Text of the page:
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Based on last week’s regulatory onslaught, it seems U.S. authorities do not like digital currencies. But a central bank digital currency (CBDC)? That has not been ruled out yet. At least, that's what one U.S. Treasury Department representative said at today’s Transform Payments USA 2023 conference,
Graham Steele, assistant secretary for financial institutions, spoke about the U.S. government’s FedNow payment service, central bank digital currencies (CBDCs) and the future of "open banking" at the industry event, organized by Reuters.
Steele, representing the Treasury Department, was clear in the fact that the United States “has not yet determined whether it will pursue a CBDC.” He did say, however, that the Treasury is leading an interagency working group to study a “potential” U.S. CBDC.
Central bank digital currencies are digital versions of fiat currencies. As of December 2022, roughly 114 countries, which represent 90% of global GDP, are researching how and whether they should launch a CBDC.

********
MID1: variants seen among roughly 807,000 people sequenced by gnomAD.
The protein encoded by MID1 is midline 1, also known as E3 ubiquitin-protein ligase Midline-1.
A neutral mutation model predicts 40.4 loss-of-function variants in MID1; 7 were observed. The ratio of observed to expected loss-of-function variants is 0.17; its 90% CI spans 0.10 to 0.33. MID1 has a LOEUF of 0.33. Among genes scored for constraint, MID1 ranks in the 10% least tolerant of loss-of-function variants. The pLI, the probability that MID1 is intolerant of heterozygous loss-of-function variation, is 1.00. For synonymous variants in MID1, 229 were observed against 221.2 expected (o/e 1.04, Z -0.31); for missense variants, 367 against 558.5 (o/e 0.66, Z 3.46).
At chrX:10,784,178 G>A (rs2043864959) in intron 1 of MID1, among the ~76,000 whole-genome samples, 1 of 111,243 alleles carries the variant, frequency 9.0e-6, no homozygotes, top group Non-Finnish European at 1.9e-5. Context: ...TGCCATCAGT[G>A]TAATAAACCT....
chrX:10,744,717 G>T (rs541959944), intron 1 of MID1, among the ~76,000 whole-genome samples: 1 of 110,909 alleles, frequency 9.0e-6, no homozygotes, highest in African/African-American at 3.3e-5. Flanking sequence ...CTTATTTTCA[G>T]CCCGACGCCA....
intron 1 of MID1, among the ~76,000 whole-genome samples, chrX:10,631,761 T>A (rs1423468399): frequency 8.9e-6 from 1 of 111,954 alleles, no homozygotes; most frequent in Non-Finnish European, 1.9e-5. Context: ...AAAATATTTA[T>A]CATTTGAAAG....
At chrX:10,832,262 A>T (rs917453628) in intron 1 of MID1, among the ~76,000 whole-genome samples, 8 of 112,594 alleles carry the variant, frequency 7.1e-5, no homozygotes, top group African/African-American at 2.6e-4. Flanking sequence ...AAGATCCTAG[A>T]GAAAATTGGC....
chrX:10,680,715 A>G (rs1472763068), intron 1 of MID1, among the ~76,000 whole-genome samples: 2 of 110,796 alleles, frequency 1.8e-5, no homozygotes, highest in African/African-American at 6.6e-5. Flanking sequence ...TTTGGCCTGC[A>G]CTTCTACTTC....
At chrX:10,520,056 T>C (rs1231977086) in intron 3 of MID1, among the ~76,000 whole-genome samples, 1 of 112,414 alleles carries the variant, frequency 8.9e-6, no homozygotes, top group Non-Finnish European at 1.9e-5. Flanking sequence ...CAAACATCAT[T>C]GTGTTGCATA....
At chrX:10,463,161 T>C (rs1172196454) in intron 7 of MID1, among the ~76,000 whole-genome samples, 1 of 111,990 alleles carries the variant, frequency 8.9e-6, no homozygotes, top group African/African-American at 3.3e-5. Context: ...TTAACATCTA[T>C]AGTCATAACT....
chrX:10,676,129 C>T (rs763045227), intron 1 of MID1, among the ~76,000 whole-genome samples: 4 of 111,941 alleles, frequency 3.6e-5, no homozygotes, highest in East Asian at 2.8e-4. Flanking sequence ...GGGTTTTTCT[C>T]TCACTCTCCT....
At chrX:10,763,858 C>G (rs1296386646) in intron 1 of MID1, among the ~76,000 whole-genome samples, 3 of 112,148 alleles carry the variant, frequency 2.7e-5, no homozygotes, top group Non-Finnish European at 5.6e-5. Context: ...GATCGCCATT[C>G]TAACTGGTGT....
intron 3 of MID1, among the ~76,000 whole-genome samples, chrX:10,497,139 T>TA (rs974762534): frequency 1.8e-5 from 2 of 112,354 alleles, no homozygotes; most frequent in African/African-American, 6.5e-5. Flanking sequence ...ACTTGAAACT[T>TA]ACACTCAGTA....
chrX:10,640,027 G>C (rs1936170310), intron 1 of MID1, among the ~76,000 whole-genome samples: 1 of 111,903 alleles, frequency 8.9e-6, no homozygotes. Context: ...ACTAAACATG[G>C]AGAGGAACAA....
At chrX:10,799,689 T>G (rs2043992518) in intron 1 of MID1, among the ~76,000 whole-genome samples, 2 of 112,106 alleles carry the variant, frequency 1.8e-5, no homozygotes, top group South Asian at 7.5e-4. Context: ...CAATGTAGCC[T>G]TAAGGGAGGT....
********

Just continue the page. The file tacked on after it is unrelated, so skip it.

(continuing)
According to Steele, the working group wants to “strike the right balance” between global financial leadership, national security, privacy, illicit finance, and financial inclusion.
He acknowledged that the risks of a retail CBDC, such as the danger of bank runs, which could be exacerbated by the ease and speed in which transactions can occur under such a system.
CBDCs have been critiqued by many for their perceived lack of privacy, as well as the fall in institutional trust over the years, showcased by a recent poll conducted by the Cato Institute showing only 16 percent of Americans support one. Steele addressed these concerns, tying them neatly with illicit activities, a common talking point among U.S. regulators and crypto-skeptics.
“It is important that we consider the extent to which privacy and anonymity might be preserved,” he said.
Steele added that the Treasury will be exploring Privacy Enhancing Technologies (PETs) while also “ensuring transparency and traceability, thus reinforcing the trust of users in digital financial transactions.”
Steel said that the digitization of financial services is coming fast, and that the treasury-led group will look to work with industry leaders and policy makers to cover any possible “shortcomings.”
Regardless of what is to come of the U.S. government’s approach to digital currencies, both private and public, it's clear officials are preparing for the approach itself.